The Green Party candidate, Antanas Mockus, a philosophy professor of Lithuanian descent, made his name as two-time mayor of Bogotá. With a mix of semiotics and post-modern urban design theory, he reinvented the crumbling capital. To reduce nocturnal violence, in 2001 he began a city-wide “ladies night,” encouraging men in the city to abstain from its typically marathon-like night life. In 1995 he distributed thumbs-up and thumbs-down cards, encouraging bogotanos to rate civic behavior as it occurred on the street. He designed the train-bus hybrid Transmilenio, a cheap and quick solution to massive congestion. In short, Mockus made life in Bogotá bearable, if not quite pleasant.

The “U” candidate, Juan Manuel Santos, had been the Defense Minister during Uribe’s second term. After an unprecedented increase in military spending—thanks to U.S. aid—Santos was able to update a sluggish, outdated military. With secured roads and air support supplied by American-donated Black Hawk Harpy helicopters, Santos was able to command a missile strike that killed one of FARC’s (Revolutionary Armed Forces of Colombia) top commanders, and later rescue hostages kidnapped by the leftist guerrilla group—something that no previous administration had been able to do.

Many argued that Mockus was too much of a cosmopolitan for the largely agrarian country.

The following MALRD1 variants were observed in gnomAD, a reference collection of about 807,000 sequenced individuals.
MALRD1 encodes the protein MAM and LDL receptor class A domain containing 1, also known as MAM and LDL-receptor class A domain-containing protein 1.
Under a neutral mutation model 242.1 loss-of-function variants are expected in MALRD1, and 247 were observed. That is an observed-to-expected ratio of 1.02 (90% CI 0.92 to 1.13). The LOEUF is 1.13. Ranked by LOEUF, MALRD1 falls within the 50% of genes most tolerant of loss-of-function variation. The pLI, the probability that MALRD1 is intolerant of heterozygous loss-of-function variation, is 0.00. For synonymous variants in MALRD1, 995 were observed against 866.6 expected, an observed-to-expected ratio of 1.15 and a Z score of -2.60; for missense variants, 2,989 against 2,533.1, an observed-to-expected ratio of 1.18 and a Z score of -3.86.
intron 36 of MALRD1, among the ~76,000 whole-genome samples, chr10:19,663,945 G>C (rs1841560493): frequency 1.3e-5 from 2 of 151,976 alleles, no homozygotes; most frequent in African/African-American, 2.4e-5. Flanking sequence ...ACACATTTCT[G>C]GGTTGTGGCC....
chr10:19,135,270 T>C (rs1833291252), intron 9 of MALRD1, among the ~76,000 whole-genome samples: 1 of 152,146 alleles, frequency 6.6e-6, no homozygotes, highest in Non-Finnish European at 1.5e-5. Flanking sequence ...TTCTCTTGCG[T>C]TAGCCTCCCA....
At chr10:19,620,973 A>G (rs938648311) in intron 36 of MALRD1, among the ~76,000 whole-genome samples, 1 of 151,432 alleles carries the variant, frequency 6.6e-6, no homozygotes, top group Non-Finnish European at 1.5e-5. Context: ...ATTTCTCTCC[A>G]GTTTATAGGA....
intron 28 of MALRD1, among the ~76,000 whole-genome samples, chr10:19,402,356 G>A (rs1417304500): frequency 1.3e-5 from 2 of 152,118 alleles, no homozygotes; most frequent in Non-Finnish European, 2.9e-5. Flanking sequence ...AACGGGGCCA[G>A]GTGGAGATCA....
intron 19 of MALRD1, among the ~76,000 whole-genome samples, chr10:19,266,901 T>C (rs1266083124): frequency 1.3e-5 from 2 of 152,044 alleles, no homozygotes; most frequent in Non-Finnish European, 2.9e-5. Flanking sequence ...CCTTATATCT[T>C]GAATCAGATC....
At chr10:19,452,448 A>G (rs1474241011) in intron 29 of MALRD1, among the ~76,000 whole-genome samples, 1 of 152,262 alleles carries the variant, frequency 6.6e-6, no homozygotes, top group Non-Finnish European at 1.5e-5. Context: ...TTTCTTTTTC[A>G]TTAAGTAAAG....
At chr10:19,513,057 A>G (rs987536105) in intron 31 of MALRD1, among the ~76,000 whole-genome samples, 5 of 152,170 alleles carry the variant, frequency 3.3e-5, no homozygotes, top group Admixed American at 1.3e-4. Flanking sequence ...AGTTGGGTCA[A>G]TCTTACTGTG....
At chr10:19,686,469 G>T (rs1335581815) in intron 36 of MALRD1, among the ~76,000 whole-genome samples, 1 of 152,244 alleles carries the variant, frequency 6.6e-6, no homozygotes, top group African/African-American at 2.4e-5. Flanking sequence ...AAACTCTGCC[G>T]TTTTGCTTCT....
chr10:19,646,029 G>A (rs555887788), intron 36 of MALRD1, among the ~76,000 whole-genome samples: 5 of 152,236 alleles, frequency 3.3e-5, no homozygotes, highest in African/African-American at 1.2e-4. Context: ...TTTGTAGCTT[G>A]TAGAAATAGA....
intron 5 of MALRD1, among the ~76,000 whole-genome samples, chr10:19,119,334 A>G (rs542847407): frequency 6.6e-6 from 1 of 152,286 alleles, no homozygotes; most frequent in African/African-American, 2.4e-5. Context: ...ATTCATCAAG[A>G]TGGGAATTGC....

Others said his gestures while in office as mayor were bull-headed and solipsistic; traits some feared could lead the country to war against traditional rival Venezuela, a fear magnified now by the unpredictable tactics of Hugo Chavez. Meanwhile, Santos had just been implicated in a nefarious massacre. Following a decision to award bonuses to soldiers for insurgent kills, a group of soldiers lured in impoverished urban youth with the promise of work, murdered them, dressed them in fatigues, and claimed their bonus.

It was the wizard, Mockus, or the warrior, Santos. In a tight primary race, every vote would count in determining between these two very different possibilities for Colombia’s future.

After four years in Colombia, having abstained from voting in the United States most of my adult life, I suddenly wanted to be a part of an election. As I didn’t plan on leaving the country, this election would be as much mine—if not more so—than the Obamania I missed. I considered asking someone to vote for my choice in Colombia, in exchange for my vote in the 2014 elections in the United States. I thought about supporting a campaign. In the end, I thought that embedding with MOE was the easiest way in.